We’ve been sending probes and rovers to Mars for years, but we have yet to get a sample of the red planet back to Earth. The best we can do is characterize the planet and transmit the results. If we’re going to plan for a long-term human presence on Mars, simply understanding the Martian soil is vital. A project from the University of Central Florida’s Planetary Sciences Group sought to create the best replica of Martian dirt yet, and it’s selling the material for $20 per kilogram.
There have been various artificial Mars soil recipes over the decades, which are known as “simulants.” The most well-known Mars simulant is JSC Mars-1, created by NASA’s Johnson Space Center. It was never produced at industrial scale, so several companies have popped up to create their own versions of JSV Mars-1. There’s also Mojave Mars Simulant (MMS), but that material is not available outside of NASA. A company called The Martian Garden claims to have two simulants for sale that use the same source recipe as MMS, but they have used a base of red cinder material instead of the original Saddleback Basalt.
The goal of the University of Central Florida project to create an open standard for Mars simulant, which it calls Mars Global Simulant (or MGS-1). We know more about the surface of Mars now than we did in the past, so it’s a chance for scientists to incorporate all the proper chemical properties into a simulant.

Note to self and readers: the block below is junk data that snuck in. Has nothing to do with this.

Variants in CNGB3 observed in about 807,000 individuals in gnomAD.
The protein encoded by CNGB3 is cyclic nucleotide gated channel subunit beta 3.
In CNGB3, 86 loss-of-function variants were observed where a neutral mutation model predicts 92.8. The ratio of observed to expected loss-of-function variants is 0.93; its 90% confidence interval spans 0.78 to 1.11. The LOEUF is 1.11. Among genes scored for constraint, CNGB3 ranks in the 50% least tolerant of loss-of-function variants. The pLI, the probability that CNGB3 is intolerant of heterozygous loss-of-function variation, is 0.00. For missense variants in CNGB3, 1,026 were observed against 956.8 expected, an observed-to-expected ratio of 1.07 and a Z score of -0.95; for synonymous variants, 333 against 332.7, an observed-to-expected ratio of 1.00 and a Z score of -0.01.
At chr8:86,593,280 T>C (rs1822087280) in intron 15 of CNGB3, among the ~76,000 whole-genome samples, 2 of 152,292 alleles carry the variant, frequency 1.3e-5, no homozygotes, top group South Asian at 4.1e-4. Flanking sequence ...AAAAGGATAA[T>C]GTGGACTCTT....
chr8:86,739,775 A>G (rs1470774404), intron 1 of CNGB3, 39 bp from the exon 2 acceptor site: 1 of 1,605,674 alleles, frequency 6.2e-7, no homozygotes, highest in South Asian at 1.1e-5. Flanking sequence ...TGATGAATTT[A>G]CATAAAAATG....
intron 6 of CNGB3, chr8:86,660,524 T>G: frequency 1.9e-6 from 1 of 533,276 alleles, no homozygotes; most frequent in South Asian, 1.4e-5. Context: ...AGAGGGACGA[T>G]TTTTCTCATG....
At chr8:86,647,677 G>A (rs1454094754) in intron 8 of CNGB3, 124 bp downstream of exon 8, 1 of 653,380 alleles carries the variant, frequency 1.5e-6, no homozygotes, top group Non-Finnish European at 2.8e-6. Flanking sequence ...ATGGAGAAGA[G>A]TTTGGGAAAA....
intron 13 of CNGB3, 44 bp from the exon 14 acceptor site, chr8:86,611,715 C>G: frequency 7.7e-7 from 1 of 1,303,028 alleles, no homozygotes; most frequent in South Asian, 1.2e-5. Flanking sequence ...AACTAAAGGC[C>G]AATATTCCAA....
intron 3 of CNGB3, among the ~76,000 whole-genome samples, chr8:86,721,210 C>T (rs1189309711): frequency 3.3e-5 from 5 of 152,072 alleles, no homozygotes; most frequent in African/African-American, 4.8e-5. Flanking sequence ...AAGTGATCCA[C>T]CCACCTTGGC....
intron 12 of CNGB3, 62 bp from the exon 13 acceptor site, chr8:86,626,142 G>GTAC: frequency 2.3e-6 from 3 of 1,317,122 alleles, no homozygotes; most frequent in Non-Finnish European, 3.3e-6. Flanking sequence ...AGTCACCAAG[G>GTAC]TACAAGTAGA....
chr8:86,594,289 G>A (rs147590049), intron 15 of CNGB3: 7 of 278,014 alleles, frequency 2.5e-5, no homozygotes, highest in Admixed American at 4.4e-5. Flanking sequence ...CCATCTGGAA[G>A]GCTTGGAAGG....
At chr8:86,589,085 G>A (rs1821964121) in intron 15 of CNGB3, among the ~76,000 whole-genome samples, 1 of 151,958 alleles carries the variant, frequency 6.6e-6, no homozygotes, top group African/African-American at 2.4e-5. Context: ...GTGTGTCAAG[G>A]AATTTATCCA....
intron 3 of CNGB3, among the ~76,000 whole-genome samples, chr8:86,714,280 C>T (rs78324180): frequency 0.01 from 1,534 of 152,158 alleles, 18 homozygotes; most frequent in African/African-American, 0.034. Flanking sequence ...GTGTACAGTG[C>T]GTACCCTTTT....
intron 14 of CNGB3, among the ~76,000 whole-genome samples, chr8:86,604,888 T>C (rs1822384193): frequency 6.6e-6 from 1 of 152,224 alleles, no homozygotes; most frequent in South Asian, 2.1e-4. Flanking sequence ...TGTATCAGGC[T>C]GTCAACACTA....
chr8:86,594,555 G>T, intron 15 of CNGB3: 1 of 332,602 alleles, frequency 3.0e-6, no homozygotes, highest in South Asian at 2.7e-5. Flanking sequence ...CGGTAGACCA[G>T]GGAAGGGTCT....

While the old simulants were a good guess, they’re missing some crucial elements of the real thing. We have good evidence today that most of Mars’ dust comes from the erosion of one large basalt formation called Medusae Fossae. Additionally, we know that Martian dust is a mix of a mixture of crystalline and amorphous phases when examined by x-ray. JSC Mars-1 is most x-ray amorphous, and MMS is almost entirely crystalline. We also know that Martian regolith has significant sulfur, which is missing from existing base formulae.
The University of Central Florida team started from the basic mineralogy of Mars using analysis from the Curiosity rover of samples gathered in a location called Rocknest. The crystalline fraction of MGS-1 consists of minerals like olivine, magnetite, and anhydrite. Rocknest also probably contains amorphous materials like basaltic glass, hydrated silica, and ferrihydrite. So, those are in MGS-1 as well.
Other teams can use the base MGS-1 standards to make their own simulant from powdered ingredients, and minor modifications can recreate different regional soil variations. However, the team recognizes it make be easier for researchers to simply buy the simulant. That’s why the university is selling MGS-1 to other institutions for $20 per kilogram (you can’t buy it yet). It already has about 30 orders, including one from Kennedy Space Center for half a ton.
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